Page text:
Cuddling is great for your health … and your sleep

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It’s well known that sex can help you sleep better. But did you know that good old-fashioned cuddling can help give you a good night’s rest—and even support your health and wellbeing?

Even if you knew that, you may not know that cuddling a pet, real or stuffed, or even a favorite blanket, can have the same effect as cuddling with a human. It’s true!

Read on to learn how cuddling can improve your sleep, support your health, and make you a happier person. Yes, it’s that effective. Plus, find out what the best cuddle positions for sleeping are so you can reap the benefits.

Sleep and health benefits of cuddling

You might say cuddling is a gift that keeps on giving right back to you. Consider these six ways cuddling can support your sleep and health:

1. Relieves stress

Cuddling has been shown to release oxytocin in the brain. Commonly known as the “love hormone” or “cuddle chemical,” oxytocin calms you and relieves stress—a major reason why people struggle to fall and stay asleep. Oxytocin helps reduce the stress hormone cortisol so you can snooze more easily.

2. Lowers blood pressure

“Cuddling for even minutes reduces systolic and diastolic blood pressure,” says Los Angeles-based psychologist Barbara Santini. “Unhealthy blood pressure levels, especially at night, increase cardiovascular risk, resulting in insomnia and sleep apnea.”

One couples study found that simply holding hands for 10 minutes, followed by a 20-second hug, lowered blood pressure. Another study found that more frequent hugging can both lower blood pressure and increase oxytocin.

3. Eases pain

Cuddling can do more than provide emotional support after an injury. By releasing oxytocin, it can block pain messages to your brain. Cuddling can have similar effects as therapeutic touch, also known as healing touch, an alternative medicine practice aimed at balancing energy within the body to ease pain and stress.

It involves lightly touching and passing one’s hands over the patient’s body. Even in people with fibromyalgia, therapeutic touch has been found to significantly reduce pain. It can even increase dopamine levels, further supporting pain relief.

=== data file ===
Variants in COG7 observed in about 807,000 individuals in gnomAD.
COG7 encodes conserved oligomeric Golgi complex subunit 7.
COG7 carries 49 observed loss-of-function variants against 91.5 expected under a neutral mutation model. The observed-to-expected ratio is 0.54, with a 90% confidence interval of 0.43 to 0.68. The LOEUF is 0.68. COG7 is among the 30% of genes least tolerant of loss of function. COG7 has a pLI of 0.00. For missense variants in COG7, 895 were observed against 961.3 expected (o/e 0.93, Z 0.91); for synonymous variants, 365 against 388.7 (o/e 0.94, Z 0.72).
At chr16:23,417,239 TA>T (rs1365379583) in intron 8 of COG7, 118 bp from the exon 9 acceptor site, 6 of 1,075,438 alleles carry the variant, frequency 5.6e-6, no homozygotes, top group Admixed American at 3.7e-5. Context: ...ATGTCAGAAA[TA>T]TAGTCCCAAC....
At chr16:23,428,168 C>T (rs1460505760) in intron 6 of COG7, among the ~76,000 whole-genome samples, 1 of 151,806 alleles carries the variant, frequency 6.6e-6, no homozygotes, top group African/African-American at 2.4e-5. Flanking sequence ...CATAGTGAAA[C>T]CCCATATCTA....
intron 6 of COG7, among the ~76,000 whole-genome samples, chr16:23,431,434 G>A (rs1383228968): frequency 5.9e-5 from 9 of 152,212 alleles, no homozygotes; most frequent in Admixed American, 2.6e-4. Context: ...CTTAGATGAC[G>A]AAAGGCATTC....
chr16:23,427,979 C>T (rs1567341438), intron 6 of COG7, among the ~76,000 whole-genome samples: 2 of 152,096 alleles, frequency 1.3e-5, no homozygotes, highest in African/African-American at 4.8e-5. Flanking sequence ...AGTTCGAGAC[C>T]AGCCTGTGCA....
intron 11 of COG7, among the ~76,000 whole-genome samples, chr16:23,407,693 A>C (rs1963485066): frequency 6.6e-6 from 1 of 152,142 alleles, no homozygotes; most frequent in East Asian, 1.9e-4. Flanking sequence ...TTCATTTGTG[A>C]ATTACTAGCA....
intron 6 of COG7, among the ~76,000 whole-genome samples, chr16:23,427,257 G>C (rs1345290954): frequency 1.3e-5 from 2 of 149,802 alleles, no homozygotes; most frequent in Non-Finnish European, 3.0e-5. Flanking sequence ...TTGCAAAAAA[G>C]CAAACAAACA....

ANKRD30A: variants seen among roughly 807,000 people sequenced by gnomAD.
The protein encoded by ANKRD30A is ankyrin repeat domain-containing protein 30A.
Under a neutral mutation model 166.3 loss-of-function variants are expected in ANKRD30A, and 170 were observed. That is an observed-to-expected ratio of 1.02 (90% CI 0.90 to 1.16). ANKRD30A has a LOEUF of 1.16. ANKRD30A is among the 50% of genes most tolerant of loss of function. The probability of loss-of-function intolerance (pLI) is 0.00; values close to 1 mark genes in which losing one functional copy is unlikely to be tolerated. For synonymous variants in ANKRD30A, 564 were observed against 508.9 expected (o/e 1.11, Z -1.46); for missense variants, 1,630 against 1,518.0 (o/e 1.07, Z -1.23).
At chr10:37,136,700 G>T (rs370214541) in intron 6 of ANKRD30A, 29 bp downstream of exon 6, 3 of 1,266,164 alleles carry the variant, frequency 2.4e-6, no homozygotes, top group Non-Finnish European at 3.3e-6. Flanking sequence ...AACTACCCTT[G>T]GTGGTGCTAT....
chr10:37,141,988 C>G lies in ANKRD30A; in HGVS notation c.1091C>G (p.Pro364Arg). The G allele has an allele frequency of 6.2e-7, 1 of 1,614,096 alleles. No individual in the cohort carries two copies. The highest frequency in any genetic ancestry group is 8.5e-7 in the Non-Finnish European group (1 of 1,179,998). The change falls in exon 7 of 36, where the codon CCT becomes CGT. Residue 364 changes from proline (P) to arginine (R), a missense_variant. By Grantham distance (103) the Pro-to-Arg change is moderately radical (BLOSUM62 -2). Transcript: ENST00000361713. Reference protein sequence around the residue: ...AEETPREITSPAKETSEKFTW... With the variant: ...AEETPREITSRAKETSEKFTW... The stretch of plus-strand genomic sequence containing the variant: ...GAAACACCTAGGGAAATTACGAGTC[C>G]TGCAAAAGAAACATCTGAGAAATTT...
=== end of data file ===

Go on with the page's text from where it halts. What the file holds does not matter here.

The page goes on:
One couples study found that simply holding hands for 10 minutes, followed by a 20-second hug, lowered blood pressure. Another study found that more frequent hugging can both lower blood pressure and increase oxytocin.

4. Improves mood

Massage techniques similar to cuddling, such as stroking and squeezing, have been found to increase dopamine and serotonin, helping ease anxiety and reduce feelings of depression and hostility. “Serotonin also regulates your sleep-wake cycle,” notes Santini. “Hence, healthy levels of this hormone in your body can make you sleep better.”

5. Boosts immunity

Feeling happy and safe, the way cuddling makes us feel, helps your brain produce optimal levels of oxytocin and serotonin, which also helps strengthen your immune system. One study found that hugging and cuddling in bed may actually protect you against the common cold.

6. Increases relationship satisfaction

Cuddling isn’t just something romantic you do with your partner: It can actually benefit your relationship. Research finds that couples who cuddle not only tend to stay together but to be happier and healthier too. This makes sense when you consider cuddling improves your mood and relieves physical pain, stress, and anxiety—any of which can stand between partners in a relationship.

Couples who increase their cuddling report higher levels of satisfaction with their relationship. Their affection also makes it less likely they’ll experience sleep disturbances.

Best cuddling positions for sleeping

Couples sleep together in all sorts of configurations. Those who cuddle typically follow a few traditional styles.

“Spooning” is when partners sleep on their side, with one “outside spoon” wrapped around the other “inside spoon.” Then there’s a face-to-face “pretzel” cuddle with arms and legs entwined—a cuddle position especially popular with newer couples.

There’s also the back-to-back “back kissers” cuddle with only partners’ backsides touching. The “leg hug” is common with longer-term couples. Their legs or feet touch, but not so much their bodies.

Of course, there’s also the nuzzle, with one partner’s head on the other’s chest. Really there are so many ways to cuddle that the best part may be in sampling a variety of them.

Do you love cuddling all night long—but your partner hates it? Check out our article on the common sleep problems couples face to learn how to compromise so you can still enjoy cuddling without upsetting your relationship. We’ve also put together our top tips for being a better sleep partner.

Cuddling with a stuffed animal or pet

Some folks simply can’t cuddle with their bed partners because they’re hot sleepers. Cuddling would actually prevent them from falling asleep comfortably.

For them, “a good alternative is cuddling with a stuffed animal or the like,” says Victoria Wildhorn, sleep health content specialist at Mattress Clarity. “This will give you the same warm and safety effect as cuddling with another person would but without the unnecessary heat.”